Hoplite Virtue in the Trial and Death of Socrates: Opposition to Imperialism in Classical Athens

Dissertation, University of California, Santa Barbara (1998)

Abstract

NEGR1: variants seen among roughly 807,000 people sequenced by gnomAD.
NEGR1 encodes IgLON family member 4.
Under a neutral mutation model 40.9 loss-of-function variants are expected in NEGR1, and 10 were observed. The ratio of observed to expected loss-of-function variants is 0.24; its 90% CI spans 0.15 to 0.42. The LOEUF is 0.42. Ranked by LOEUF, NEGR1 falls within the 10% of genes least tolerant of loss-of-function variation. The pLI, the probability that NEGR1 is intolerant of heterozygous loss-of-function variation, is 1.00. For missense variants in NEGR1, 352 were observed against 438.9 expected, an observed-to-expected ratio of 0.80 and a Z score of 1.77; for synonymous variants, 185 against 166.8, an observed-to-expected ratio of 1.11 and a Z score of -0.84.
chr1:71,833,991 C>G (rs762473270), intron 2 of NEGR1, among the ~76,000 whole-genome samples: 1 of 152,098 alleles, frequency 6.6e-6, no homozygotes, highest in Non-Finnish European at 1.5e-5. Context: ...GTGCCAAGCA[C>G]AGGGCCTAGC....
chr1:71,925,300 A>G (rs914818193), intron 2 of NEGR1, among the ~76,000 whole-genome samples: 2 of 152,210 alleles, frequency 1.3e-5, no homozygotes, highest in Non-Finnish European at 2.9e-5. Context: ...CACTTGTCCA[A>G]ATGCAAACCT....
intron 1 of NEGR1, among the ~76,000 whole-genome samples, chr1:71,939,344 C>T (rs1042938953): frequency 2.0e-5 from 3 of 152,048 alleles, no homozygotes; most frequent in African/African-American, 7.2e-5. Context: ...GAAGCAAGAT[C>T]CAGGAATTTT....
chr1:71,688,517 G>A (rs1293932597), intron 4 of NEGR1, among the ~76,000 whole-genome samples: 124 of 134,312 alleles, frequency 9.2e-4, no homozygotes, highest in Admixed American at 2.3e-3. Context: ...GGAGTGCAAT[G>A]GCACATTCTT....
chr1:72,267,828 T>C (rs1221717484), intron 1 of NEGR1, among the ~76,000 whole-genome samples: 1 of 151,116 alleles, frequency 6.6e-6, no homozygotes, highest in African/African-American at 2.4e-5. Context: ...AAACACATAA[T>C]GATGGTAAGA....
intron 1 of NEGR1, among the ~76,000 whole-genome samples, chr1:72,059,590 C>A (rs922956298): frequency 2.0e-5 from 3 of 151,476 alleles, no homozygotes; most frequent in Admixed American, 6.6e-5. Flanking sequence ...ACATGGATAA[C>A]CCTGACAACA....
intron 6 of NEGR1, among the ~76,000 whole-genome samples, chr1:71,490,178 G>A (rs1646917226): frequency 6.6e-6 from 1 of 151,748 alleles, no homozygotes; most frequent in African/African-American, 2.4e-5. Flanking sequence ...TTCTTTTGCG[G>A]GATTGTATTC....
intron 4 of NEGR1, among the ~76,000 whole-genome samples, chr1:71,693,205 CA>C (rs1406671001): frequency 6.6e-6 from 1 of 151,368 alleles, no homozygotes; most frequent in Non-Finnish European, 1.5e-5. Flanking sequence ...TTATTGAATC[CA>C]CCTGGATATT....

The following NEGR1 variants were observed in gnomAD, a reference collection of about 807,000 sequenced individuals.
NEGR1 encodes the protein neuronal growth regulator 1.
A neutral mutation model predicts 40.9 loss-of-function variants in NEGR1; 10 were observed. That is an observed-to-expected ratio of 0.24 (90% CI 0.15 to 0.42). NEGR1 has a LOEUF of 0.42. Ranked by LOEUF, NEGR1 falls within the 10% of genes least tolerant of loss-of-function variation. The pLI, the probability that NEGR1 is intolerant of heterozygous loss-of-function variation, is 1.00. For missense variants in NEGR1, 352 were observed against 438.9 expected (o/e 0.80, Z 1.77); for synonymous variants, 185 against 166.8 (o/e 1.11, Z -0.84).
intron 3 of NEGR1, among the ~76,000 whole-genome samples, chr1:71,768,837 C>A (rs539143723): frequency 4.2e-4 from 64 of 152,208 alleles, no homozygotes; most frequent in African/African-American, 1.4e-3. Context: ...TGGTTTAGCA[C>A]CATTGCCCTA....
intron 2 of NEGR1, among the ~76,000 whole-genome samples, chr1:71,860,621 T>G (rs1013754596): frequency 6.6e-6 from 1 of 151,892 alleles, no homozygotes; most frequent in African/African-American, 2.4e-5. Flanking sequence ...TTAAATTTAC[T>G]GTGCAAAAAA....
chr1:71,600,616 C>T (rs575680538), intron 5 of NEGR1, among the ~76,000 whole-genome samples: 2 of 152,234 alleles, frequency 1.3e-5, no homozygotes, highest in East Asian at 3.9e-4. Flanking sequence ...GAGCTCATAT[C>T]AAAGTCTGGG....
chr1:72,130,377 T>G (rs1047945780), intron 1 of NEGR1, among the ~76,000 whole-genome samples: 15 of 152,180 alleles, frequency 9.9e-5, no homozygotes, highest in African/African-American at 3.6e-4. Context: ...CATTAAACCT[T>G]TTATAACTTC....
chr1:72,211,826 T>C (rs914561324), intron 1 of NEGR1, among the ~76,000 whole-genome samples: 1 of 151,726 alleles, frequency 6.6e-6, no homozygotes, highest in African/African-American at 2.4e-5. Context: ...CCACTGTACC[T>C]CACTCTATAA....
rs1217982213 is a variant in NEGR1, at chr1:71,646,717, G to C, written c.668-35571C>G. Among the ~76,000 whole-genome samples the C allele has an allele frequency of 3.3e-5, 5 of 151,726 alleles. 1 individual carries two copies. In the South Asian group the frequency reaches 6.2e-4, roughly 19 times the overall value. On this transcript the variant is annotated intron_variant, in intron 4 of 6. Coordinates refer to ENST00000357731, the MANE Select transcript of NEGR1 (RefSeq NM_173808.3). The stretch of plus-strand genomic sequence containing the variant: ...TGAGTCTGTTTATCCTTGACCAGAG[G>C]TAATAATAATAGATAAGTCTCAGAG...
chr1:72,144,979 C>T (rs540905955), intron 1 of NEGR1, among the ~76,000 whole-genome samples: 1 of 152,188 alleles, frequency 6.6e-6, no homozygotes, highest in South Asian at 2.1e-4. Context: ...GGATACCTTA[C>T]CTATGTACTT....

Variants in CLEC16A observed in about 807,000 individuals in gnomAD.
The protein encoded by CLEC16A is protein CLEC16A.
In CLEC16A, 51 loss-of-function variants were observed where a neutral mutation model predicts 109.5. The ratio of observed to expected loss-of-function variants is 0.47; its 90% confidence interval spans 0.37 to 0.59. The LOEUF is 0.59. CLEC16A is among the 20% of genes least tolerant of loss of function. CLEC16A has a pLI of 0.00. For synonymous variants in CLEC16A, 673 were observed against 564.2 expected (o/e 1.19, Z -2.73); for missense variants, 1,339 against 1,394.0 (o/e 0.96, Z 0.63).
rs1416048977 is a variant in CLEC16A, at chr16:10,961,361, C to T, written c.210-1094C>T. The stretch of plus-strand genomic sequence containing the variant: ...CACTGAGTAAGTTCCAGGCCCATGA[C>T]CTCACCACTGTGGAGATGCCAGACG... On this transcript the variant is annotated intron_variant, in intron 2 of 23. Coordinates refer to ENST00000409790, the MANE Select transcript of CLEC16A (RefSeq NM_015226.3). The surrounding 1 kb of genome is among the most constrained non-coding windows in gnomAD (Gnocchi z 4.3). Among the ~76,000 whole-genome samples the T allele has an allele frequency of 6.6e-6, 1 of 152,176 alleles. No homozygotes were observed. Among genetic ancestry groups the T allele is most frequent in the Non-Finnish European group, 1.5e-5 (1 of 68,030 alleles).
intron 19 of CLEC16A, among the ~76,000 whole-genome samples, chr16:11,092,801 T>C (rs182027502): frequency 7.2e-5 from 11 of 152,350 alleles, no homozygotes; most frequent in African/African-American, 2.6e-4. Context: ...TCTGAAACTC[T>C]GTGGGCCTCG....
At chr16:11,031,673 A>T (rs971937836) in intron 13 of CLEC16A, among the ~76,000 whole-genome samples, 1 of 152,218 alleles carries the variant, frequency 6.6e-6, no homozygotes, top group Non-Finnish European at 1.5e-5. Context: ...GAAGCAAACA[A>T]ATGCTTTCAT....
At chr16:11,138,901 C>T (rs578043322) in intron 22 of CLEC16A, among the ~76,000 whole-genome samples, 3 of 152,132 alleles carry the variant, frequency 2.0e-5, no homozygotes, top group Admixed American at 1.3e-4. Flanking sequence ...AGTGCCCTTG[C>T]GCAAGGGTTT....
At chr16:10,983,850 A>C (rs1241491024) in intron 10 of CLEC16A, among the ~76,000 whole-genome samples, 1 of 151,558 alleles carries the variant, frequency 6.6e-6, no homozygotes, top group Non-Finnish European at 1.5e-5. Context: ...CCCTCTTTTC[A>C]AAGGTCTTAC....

The dissertation reconstructs Socrates' trial as a site of conflict between imperialist morality and non imperialist morality in classical Athens following the restoration of democracy in 403 B.C. The dissertation argues against conventional explanations concerning the reasons for Socrates being brought to trial, convicted, sentenced to death, and executed by his fellow Athenians. The following thesis is posited in the dissertation: Late fifth and early fourth century B.C. Athenian politics were characterized by the attempt to achieve individual and collective moral excellence through the experiences of agon, and philotimia, . Post Restoration military/political leaders perceived philotimia and agon as essential components of Athenian military aggressiveness and imperial ambition. Indeed these two phenomena were essential to Athenian morality. Socratic principles directly opposed Athenian expressions of individual and collective ambition and extreme competition as nurturing hubris among the Athenian citizenry. The new regime tried and executed Socrates to prevent Socratic subversion within the polis, and in particular within aristoi youth, of its more aggressive military and political policies, including the newly implemented attempt to revive imperialism
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